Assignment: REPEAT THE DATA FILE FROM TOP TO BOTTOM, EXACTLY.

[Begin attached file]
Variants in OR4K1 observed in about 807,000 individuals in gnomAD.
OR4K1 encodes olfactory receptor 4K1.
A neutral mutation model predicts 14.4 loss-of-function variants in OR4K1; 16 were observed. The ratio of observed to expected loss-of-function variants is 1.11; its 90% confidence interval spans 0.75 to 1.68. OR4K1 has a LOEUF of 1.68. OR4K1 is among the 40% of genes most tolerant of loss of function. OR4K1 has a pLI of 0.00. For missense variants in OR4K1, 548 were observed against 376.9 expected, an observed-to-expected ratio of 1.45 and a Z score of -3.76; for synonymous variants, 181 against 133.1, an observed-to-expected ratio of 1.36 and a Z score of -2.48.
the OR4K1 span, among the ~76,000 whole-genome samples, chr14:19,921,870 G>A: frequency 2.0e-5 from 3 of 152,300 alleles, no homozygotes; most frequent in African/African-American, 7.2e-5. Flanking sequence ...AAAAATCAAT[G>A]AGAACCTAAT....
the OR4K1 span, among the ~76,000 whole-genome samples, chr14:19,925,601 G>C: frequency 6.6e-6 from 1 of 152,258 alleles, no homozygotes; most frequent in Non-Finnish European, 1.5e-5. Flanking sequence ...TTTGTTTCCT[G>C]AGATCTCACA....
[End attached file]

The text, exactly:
Variants in OR4K1 observed in about 807,000 individuals in gnomAD.
OR4K1 encodes olfactory receptor 4K1.
A neutral mutation model predicts 14.4 loss-of-function variants in OR4K1; 16 were observed. The ratio of observed to expected loss-of-function variants is 1.11; its 90% confidence interval spans 0.75 to 1.68. OR4K1 has a LOEUF of 1.68. OR4K1 is among the 40% of genes most tolerant of loss of function. OR4K1 has a pLI of 0.00. For missense variants in OR4K1, 548 were observed against 376.9 expected, an observed-to-expected ratio of 1.45 and a Z score of -3.76; for synonymous variants, 181 against 133.1, an observed-to-expected ratio of 1.36 and a Z score of -2.48.
the OR4K1 span, among the ~76,000 whole-genome samples, chr14:19,921,870 G>A: frequency 2.0e-5 from 3 of 152,300 alleles, no homozygotes; most frequent in African/African-American, 7.2e-5. Flanking sequence ...AAAAATCAAT[G>A]AGAACCTAAT....
the OR4K1 span, among the ~76,000 whole-genome samples, chr14:19,925,601 G>C: frequency 6.6e-6 from 1 of 152,258 alleles, no homozygotes; most frequent in Non-Finnish European, 1.5e-5. Flanking sequence ...TTTGTTTCCT[G>C]AGATCTCACA....